I have written about the importance and role of paper reviewers before, but a recent experience has prompted me to put fingers to keyboard yet again. As an Editor, my practice when choosing referees is to invite, whenever possible, an early career researcher (ECR) and a well-established expert in the field. My reasoning behind this being that the ECR will be very au fait with the current literature and techniques (statistical and experimental), and very likely to do the job quickly. The
ancient professor old fogey well established expert, may take longer to respond, but will definitely know the early literature and be in a good position to judge the novelty of the work and point out if the wheel is being reinvented (Leather, 2004).
Until recently I thought that this was a fool-proof approach, but then I had the opportunity to referee a paper right up my street; the study organism was the subject of my PhD and I have continued working with it (albeit recently, mainly via PhD and MSc students) for the last forty years. The paper described a well-designed and analysed experiment, and, miracle of miracles, cited
me all the relevant literature. I had only a few minor points and enthusiastically recommended publication with only minor revision. I was a bit surprised when I received notice of the journal’s decision to see that they had given the author a major revision. On reading the other reviewer’s report, (the practice of copying the reviewer’s reports to each reviewer is a fantastic service), I realised why.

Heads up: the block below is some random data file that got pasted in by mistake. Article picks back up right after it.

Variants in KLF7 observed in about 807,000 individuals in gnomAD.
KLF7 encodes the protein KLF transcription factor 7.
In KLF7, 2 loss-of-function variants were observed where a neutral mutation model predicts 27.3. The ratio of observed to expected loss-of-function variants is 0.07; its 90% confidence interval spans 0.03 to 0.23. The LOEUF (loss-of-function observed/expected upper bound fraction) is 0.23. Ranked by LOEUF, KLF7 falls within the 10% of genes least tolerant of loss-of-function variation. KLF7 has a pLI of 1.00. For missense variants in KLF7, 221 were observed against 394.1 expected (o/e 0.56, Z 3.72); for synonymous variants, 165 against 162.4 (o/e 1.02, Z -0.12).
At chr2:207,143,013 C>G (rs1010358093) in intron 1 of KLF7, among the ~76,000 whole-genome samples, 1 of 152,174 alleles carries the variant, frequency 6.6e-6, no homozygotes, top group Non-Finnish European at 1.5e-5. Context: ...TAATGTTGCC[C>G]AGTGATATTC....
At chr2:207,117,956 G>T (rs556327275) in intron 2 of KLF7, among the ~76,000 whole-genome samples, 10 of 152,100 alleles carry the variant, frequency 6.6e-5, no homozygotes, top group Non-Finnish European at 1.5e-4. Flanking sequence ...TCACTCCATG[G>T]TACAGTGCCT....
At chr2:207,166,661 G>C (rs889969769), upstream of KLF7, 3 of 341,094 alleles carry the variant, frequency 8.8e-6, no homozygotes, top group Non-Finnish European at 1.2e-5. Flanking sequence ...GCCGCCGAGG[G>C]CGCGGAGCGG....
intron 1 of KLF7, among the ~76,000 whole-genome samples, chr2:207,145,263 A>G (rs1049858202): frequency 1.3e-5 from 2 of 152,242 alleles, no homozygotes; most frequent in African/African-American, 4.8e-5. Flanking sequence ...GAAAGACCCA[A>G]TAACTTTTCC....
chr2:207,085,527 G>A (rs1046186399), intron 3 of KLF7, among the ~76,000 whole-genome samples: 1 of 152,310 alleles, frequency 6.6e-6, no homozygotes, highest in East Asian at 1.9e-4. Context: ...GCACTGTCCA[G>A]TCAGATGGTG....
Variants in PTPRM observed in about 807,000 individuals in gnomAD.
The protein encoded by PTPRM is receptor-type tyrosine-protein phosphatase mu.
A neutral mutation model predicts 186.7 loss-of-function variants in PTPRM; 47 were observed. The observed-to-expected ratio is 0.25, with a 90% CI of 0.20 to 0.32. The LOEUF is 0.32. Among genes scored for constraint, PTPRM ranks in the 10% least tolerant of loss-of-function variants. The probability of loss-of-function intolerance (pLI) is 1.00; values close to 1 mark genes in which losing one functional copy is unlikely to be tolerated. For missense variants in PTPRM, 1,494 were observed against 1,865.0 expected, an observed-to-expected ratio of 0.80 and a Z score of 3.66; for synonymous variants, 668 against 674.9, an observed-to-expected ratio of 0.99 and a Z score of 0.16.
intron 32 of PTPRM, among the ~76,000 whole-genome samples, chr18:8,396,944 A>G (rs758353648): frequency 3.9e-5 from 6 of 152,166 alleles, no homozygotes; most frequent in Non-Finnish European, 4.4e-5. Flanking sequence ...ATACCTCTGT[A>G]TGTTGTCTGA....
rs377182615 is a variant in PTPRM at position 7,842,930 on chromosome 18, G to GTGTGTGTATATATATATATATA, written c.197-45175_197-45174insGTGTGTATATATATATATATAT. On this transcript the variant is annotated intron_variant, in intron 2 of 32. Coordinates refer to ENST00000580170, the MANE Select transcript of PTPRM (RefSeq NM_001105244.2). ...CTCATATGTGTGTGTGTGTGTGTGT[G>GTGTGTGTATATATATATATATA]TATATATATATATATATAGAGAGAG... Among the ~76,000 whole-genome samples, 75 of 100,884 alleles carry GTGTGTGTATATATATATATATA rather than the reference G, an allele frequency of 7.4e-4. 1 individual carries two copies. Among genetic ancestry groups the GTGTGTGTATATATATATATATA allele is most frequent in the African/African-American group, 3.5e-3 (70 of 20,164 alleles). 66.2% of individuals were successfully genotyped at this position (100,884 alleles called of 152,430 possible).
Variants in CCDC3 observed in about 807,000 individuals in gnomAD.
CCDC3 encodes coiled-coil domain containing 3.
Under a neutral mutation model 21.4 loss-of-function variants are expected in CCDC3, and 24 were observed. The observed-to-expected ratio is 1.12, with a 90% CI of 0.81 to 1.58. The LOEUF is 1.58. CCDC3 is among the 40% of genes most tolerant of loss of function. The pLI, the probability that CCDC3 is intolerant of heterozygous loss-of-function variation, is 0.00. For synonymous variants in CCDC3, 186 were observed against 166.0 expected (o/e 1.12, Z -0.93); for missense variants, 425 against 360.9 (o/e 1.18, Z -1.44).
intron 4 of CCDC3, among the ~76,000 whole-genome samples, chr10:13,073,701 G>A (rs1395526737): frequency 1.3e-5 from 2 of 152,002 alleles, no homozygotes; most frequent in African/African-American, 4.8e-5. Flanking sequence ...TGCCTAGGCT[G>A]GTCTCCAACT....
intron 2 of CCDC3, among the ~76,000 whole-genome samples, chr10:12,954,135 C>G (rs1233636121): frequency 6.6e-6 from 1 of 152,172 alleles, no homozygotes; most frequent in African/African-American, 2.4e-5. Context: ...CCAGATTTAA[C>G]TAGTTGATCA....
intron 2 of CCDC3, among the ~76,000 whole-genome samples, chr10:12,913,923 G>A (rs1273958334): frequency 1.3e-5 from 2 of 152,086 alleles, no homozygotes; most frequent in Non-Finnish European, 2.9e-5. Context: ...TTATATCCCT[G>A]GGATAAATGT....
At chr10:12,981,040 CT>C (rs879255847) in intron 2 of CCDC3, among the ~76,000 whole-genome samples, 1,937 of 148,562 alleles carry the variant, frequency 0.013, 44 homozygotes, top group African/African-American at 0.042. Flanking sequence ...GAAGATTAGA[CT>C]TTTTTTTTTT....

Having being involved with the topic for a life-time, I knew exactly what the author had done and what their rationale was, so hadn’t picked up on the fact that some of the methodology and whys and wherefores would be somewhat opaque to non-experts. This is of course why we get (or should) our colleagues to read our papers before we submit them. Familiarity doesn’t necessarily breed contempt, but it can certainly lead to a false sense of how niche one’s research area actually is.
I will, despite this, still continue to use well-established experts to review papers but will try not to weight their opinions more highly than those of the ECRs. As for me, I will, in future be looking much more critically at the approaches and rationale of papers that deal with subjects very close to my heart. Alternatively, I could just give up reviewing papers 🙂
Leather, S.R. (2004) Reinventing the wheel – on the dangers of taxon parochialism and shallow reference trawling! Basic and Applied Ecology, 5, 309-311.